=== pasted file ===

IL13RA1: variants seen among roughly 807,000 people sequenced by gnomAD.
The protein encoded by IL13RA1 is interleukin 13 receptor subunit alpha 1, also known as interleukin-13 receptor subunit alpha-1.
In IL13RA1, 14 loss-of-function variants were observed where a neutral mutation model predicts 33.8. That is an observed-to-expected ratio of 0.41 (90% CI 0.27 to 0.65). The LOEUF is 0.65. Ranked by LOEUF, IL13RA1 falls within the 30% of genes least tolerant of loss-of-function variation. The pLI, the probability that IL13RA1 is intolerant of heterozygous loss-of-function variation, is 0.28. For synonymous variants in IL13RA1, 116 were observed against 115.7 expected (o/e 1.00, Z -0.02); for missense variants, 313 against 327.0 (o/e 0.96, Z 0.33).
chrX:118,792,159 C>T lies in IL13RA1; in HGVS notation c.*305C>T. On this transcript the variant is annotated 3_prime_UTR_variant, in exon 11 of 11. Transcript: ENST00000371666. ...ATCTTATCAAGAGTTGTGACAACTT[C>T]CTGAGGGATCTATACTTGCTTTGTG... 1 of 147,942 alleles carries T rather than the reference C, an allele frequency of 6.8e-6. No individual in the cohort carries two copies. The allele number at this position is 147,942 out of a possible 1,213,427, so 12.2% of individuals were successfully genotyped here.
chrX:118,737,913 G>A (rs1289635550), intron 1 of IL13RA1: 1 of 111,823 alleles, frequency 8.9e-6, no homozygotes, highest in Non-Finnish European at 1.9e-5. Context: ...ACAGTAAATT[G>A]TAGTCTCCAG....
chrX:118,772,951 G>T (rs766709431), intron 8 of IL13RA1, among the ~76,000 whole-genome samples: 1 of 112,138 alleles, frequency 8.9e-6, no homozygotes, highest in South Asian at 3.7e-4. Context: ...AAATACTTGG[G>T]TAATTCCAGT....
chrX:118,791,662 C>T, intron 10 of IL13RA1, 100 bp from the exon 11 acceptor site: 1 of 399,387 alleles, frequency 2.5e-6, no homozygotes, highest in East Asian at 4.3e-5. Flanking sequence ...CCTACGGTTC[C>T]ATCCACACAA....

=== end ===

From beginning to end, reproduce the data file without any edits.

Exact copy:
IL13RA1: variants seen among roughly 807,000 people sequenced by gnomAD.
The protein encoded by IL13RA1 is interleukin 13 receptor subunit alpha 1, also known as interleukin-13 receptor subunit alpha-1.
In IL13RA1, 14 loss-of-function variants were observed where a neutral mutation model predicts 33.8. That is an observed-to-expected ratio of 0.41 (90% CI 0.27 to 0.65). The LOEUF is 0.65. Ranked by LOEUF, IL13RA1 falls within the 30% of genes least tolerant of loss-of-function variation. The pLI, the probability that IL13RA1 is intolerant of heterozygous loss-of-function variation, is 0.28. For synonymous variants in IL13RA1, 116 were observed against 115.7 expected (o/e 1.00, Z -0.02); for missense variants, 313 against 327.0 (o/e 0.96, Z 0.33).
chrX:118,792,159 C>T lies in IL13RA1; in HGVS notation c.*305C>T. On this transcript the variant is annotated 3_prime_UTR_variant, in exon 11 of 11. Transcript: ENST00000371666. ...ATCTTATCAAGAGTTGTGACAACTT[C>T]CTGAGGGATCTATACTTGCTTTGTG... 1 of 147,942 alleles carries T rather than the reference C, an allele frequency of 6.8e-6. No individual in the cohort carries two copies. The allele number at this position is 147,942 out of a possible 1,213,427, so 12.2% of individuals were successfully genotyped here.
chrX:118,737,913 G>A (rs1289635550), intron 1 of IL13RA1: 1 of 111,823 alleles, frequency 8.9e-6, no homozygotes, highest in Non-Finnish European at 1.9e-5. Context: ...ACAGTAAATT[G>A]TAGTCTCCAG....
chrX:118,772,951 G>T (rs766709431), intron 8 of IL13RA1, among the ~76,000 whole-genome samples: 1 of 112,138 alleles, frequency 8.9e-6, no homozygotes, highest in South Asian at 3.7e-4. Context: ...AAATACTTGG[G>T]TAATTCCAGT....
chrX:118,791,662 C>T, intron 10 of IL13RA1, 100 bp from the exon 11 acceptor site: 1 of 399,387 alleles, frequency 2.5e-6, no homozygotes, highest in East Asian at 4.3e-5. Flanking sequence ...CCTACGGTTC[C>T]ATCCACACAA....